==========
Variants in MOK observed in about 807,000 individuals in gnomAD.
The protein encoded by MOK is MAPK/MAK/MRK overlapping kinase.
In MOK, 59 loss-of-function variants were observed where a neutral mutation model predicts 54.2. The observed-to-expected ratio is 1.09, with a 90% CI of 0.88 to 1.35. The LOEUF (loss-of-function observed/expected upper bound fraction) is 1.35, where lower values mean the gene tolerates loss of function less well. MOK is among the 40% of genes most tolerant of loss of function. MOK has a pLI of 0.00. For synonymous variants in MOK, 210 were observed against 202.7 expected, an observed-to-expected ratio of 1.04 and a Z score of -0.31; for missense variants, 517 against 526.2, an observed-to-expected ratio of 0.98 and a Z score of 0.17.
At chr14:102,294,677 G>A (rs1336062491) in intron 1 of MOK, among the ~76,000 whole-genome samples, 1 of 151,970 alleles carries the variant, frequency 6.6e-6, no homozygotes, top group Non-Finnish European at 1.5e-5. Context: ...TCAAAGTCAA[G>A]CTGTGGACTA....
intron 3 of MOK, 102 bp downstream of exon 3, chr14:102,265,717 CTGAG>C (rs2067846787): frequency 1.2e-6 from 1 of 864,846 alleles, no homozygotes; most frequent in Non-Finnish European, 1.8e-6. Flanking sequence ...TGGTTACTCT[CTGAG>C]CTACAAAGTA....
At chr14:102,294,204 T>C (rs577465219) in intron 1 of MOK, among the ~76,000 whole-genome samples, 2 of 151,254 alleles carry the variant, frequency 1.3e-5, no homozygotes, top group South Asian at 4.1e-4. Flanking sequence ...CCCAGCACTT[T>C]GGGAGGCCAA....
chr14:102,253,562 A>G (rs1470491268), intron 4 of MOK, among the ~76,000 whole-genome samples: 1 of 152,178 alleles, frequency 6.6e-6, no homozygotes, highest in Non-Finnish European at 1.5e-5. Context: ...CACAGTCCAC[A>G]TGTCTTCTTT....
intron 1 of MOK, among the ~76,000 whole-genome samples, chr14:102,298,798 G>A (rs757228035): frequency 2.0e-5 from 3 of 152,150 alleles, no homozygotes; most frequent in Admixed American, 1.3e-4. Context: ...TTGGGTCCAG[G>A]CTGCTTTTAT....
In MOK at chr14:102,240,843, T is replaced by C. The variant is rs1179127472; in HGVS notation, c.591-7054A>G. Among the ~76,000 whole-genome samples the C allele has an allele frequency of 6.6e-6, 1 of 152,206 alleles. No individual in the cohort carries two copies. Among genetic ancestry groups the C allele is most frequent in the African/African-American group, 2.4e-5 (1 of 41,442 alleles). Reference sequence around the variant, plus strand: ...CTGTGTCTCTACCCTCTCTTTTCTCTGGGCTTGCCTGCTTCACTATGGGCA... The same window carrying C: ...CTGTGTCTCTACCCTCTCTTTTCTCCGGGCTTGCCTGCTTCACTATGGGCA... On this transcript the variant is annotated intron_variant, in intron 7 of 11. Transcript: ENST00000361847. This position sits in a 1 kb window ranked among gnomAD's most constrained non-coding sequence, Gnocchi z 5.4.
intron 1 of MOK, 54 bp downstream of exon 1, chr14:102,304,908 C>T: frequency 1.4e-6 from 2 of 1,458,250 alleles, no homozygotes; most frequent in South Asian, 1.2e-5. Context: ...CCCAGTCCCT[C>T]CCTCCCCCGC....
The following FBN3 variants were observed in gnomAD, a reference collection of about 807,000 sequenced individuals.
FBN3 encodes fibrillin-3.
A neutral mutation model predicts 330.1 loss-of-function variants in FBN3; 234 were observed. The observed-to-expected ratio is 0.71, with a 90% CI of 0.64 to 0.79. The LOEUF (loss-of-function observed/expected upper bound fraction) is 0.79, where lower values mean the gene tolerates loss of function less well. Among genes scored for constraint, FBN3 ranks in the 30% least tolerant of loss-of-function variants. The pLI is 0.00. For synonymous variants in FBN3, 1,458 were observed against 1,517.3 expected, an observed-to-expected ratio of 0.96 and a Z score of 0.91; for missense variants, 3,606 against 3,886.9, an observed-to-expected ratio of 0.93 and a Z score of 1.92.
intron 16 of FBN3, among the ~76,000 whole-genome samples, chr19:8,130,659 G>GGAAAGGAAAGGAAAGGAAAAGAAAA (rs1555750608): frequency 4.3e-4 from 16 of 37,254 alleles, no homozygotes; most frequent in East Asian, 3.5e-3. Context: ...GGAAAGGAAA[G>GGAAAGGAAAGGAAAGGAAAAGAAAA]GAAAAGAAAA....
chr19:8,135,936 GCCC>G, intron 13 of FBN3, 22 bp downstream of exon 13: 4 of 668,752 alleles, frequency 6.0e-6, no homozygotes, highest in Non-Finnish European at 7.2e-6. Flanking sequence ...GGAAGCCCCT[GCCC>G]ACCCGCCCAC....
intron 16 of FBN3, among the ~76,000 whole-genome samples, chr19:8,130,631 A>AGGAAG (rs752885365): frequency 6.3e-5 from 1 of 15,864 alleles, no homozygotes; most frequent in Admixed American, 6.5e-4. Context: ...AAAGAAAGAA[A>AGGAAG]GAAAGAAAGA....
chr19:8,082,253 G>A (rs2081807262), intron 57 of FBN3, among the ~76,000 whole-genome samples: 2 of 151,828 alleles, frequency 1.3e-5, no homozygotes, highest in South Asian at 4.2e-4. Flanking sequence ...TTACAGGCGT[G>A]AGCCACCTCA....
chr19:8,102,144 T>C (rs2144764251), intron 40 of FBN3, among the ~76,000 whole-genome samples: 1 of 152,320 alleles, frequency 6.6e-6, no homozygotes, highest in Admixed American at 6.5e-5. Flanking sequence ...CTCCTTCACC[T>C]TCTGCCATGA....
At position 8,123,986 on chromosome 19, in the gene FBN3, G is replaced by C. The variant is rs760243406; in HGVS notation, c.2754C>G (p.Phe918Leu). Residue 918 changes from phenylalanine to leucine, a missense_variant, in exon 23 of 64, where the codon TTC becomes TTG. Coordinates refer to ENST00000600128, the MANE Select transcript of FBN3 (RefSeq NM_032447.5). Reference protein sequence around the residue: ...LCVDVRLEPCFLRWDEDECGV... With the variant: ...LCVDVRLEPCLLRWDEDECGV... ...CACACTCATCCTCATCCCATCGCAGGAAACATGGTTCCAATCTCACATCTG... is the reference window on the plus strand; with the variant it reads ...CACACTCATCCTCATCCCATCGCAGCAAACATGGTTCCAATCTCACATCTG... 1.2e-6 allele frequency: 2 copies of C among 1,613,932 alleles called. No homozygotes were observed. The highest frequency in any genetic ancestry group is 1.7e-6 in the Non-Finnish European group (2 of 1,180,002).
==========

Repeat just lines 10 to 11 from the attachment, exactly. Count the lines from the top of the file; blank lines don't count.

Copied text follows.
intron 1 of MOK, 54 bp downstream of exon 1, chr14:102,304,908 C>T: frequency 1.4e-6 from 2 of 1,458,250 alleles, no homozygotes; most frequent in South Asian, 1.2e-5. Context: ...CCCAGTCCCT[C>T]CCTCCCCCGC....
The following FBN3 variants were observed in gnomAD, a reference collection of about 807,000 sequenced individuals.